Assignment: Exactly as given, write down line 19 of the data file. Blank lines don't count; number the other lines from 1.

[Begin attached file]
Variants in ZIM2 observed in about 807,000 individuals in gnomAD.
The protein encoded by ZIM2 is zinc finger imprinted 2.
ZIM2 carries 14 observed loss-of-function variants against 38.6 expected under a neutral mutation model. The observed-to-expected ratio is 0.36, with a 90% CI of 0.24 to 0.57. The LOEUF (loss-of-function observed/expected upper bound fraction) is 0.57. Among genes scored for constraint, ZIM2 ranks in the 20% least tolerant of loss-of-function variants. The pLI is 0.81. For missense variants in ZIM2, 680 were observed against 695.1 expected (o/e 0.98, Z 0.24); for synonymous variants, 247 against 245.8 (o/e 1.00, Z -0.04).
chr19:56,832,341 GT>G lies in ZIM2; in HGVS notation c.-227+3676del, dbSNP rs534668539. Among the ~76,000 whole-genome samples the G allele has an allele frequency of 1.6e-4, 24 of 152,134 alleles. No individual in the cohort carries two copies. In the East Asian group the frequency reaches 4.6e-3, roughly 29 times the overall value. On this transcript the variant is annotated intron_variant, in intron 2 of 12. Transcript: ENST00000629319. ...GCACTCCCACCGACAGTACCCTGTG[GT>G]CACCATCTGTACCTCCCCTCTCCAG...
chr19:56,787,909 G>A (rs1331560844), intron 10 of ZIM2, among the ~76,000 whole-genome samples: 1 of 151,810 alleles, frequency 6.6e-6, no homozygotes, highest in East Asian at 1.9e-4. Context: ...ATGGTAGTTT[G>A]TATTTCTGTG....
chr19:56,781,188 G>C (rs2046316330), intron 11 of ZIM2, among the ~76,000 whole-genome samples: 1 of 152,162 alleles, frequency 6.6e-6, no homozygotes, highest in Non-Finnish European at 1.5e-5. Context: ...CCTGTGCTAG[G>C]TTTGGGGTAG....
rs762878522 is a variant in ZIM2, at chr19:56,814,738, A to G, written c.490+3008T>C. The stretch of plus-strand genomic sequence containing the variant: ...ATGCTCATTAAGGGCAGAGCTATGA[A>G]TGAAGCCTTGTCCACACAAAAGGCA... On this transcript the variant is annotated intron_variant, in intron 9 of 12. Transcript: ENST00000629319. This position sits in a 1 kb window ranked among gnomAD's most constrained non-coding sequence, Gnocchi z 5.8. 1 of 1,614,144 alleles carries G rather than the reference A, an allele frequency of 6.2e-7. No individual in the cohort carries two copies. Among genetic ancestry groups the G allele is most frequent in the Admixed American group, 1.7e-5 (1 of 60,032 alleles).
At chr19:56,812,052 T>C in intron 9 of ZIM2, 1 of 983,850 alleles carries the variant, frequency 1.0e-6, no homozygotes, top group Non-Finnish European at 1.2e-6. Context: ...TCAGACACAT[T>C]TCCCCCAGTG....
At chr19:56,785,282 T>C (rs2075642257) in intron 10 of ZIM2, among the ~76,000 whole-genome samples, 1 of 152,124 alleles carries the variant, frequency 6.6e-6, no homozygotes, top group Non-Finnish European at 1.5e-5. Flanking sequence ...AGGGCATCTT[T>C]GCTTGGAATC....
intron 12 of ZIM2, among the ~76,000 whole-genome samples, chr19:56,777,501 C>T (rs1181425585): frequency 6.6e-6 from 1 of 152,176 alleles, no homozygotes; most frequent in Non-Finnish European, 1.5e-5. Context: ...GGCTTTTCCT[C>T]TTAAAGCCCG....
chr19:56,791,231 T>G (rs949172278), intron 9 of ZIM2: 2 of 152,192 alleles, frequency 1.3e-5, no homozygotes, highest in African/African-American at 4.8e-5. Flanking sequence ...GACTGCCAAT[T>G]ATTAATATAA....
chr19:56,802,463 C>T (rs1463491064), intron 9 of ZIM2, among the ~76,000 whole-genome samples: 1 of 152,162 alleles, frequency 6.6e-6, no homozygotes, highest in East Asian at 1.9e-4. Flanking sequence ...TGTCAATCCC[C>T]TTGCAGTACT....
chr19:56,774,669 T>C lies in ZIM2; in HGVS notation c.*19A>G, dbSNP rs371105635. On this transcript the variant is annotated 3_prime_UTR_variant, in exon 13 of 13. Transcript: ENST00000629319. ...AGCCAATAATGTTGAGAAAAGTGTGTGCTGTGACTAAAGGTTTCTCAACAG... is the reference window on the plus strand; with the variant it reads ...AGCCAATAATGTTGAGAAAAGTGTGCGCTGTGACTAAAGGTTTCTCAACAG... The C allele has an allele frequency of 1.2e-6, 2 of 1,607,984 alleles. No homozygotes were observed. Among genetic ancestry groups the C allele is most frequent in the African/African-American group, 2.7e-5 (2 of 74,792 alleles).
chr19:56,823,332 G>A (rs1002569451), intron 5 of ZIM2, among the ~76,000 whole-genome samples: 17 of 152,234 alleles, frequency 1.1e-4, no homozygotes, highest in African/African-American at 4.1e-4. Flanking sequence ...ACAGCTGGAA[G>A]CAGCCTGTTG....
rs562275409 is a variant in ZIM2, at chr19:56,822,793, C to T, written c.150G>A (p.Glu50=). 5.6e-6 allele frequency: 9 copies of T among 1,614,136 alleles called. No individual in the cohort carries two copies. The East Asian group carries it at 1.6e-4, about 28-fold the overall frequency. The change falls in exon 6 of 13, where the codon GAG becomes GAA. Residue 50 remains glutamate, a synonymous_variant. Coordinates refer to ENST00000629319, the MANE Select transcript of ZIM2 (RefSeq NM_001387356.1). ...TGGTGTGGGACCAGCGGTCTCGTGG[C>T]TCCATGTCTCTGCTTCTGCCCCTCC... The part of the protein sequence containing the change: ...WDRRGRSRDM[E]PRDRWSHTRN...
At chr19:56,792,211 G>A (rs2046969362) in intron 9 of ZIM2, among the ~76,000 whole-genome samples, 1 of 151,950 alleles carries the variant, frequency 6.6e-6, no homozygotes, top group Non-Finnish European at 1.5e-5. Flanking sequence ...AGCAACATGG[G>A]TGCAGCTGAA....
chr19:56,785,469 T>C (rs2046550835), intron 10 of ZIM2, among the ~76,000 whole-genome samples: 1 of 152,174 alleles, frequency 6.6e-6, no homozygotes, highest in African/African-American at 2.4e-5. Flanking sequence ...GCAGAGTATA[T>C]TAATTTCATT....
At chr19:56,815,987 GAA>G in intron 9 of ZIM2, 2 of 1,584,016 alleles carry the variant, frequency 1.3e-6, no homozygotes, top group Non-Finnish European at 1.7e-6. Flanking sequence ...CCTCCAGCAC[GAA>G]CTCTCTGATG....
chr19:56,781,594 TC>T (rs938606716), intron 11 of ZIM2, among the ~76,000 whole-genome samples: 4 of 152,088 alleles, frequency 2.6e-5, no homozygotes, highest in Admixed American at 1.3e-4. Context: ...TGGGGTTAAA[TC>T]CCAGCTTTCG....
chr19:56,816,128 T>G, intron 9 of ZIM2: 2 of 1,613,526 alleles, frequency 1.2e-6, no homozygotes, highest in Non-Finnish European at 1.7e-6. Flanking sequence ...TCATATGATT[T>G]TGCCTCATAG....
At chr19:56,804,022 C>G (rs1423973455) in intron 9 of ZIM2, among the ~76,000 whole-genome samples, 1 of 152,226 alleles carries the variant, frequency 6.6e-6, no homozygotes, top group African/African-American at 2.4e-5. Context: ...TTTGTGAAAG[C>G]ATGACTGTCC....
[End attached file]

chr19:56,781,594 TC>T (rs938606716), intron 11 of ZIM2, among the ~76,000 whole-genome samples: 4 of 152,088 alleles, frequency 2.6e-5, no homozygotes, highest in Admixed American at 1.3e-4. Context: ...TGGGGTTAAA[TC>T]CCAGCTTTCG....